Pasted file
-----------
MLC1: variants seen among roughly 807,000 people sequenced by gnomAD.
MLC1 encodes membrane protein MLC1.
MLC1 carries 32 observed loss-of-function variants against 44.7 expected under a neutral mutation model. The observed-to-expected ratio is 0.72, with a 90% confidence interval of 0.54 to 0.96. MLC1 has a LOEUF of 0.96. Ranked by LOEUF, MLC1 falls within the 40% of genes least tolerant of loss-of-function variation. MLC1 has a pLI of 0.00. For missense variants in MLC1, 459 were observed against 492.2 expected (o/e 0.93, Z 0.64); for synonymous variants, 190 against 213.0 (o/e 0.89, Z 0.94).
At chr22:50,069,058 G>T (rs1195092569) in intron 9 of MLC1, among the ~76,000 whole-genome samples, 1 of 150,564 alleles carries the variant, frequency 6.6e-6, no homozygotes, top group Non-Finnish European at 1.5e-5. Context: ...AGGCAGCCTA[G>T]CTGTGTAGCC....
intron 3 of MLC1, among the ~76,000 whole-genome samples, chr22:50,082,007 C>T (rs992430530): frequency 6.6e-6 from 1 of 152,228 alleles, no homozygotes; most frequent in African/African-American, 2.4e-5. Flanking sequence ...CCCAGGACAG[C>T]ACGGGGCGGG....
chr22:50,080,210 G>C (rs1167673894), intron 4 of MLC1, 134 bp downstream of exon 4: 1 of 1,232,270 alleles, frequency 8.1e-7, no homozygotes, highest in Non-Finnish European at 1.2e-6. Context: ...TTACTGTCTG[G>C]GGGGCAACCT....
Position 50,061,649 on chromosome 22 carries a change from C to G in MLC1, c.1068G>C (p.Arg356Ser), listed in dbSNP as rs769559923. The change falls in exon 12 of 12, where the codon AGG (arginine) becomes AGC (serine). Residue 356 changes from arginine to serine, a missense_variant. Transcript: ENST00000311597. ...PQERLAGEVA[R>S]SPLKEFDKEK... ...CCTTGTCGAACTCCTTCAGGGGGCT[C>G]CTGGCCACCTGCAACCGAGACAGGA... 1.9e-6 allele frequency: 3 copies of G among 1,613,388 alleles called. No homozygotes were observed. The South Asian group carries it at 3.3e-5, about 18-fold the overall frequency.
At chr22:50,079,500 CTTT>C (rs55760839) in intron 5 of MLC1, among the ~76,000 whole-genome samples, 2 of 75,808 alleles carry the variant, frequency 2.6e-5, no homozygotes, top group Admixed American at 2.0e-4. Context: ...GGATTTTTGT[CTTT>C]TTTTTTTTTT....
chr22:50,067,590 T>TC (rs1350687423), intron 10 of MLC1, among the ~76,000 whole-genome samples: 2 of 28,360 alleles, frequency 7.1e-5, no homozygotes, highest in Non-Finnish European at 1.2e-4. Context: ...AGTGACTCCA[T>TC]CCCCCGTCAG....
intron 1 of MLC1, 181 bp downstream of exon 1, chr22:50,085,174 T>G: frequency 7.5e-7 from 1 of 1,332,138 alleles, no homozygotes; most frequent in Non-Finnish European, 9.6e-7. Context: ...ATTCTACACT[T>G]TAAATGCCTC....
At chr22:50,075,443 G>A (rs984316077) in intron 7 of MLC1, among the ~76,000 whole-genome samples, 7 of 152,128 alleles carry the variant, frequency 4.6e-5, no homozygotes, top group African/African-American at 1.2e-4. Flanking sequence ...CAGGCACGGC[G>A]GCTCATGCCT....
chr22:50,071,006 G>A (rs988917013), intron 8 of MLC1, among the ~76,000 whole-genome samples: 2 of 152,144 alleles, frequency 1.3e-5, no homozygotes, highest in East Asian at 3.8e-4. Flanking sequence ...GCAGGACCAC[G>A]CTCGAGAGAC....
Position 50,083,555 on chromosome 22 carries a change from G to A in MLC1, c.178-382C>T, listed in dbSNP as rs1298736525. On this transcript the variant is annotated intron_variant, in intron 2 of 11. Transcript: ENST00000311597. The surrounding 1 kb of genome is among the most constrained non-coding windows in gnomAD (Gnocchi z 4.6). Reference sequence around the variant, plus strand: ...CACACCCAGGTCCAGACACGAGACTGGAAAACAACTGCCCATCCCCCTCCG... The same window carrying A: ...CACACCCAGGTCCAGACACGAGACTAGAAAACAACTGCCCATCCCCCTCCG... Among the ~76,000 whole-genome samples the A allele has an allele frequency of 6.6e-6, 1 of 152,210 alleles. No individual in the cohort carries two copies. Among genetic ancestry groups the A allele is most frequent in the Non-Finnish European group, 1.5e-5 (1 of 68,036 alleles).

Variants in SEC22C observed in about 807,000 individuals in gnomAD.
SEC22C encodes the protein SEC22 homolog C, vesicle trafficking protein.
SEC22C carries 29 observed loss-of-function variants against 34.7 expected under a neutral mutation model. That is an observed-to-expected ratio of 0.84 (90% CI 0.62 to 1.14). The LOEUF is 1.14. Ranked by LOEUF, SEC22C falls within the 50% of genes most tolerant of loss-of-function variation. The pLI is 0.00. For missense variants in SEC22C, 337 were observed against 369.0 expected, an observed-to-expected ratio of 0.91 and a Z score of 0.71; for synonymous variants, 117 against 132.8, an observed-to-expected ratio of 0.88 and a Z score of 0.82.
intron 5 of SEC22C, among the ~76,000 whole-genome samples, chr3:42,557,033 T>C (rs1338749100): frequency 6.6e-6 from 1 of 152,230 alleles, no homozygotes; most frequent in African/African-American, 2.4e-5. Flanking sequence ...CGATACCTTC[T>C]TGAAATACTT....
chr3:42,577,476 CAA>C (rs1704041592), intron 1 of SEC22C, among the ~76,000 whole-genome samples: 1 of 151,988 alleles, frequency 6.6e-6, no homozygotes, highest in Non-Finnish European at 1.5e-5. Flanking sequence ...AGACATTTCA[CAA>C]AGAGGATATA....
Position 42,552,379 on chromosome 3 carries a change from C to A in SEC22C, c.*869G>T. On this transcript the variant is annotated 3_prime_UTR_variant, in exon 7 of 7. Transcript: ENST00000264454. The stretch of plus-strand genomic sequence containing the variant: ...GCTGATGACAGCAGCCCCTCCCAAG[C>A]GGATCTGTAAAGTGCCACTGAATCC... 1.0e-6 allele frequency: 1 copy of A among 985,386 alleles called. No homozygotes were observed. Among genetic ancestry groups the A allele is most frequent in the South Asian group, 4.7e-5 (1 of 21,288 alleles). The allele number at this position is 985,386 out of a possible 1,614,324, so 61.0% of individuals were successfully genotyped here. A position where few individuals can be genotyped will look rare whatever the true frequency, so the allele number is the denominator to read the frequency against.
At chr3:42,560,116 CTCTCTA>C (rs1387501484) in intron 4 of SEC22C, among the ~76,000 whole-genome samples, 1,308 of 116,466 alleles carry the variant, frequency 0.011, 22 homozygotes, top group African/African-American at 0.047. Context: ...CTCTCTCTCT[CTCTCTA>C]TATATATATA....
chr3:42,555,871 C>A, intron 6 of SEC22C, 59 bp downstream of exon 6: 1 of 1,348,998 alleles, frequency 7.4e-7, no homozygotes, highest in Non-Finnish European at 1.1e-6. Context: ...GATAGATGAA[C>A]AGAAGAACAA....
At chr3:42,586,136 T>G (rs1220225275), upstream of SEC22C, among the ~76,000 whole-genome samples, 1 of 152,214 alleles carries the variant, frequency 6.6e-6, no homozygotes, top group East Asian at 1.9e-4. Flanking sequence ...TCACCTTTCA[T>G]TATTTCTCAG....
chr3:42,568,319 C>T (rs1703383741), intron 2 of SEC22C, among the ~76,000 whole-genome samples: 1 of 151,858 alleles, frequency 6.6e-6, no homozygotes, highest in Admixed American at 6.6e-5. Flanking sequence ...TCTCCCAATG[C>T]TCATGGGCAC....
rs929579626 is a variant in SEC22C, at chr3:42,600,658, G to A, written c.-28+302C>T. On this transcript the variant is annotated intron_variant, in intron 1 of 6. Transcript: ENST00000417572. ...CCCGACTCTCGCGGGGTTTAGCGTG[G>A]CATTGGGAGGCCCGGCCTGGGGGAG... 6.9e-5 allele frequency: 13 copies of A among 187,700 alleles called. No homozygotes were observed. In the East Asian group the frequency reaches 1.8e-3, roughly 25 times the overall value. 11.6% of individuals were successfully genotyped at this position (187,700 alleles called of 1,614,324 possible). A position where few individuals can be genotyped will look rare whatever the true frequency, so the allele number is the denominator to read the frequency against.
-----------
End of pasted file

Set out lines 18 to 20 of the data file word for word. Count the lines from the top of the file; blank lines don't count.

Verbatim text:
chr3:42,577,476 CAA>C (rs1704041592), intron 1 of SEC22C, among the ~76,000 whole-genome samples: 1 of 151,988 alleles, frequency 6.6e-6, no homozygotes, highest in Non-Finnish European at 1.5e-5. Flanking sequence ...AGACATTTCA[CAA>C]AGAGGATATA....
Position 42,552,379 on chromosome 3 carries a change from C to A in SEC22C, c.*869G>T. On this transcript the variant is annotated 3_prime_UTR_variant, in exon 7 of 7. Transcript: ENST00000264454. The stretch of plus-strand genomic sequence containing the variant: ...GCTGATGACAGCAGCCCCTCCCAAG[C>A]GGATCTGTAAAGTGCCACTGAATCC... 1.0e-6 allele frequency: 1 copy of A among 985,386 alleles called. No homozygotes were observed. Among genetic ancestry groups the A allele is most frequent in the South Asian group, 4.7e-5 (1 of 21,288 alleles). The allele number at this position is 985,386 out of a possible 1,614,324, so 61.0% of individuals were successfully genotyped here. A position where few individuals can be genotyped will look rare whatever the true frequency, so the allele number is the denominator to read the frequency against.
At chr3:42,560,116 CTCTCTA>C (rs1387501484) in intron 4 of SEC22C, among the ~76,000 whole-genome samples, 1,308 of 116,466 alleles carry the variant, frequency 0.011, 22 homozygotes, top group African/African-American at 0.047. Context: ...CTCTCTCTCT[CTCTCTA>C]TATATATATA....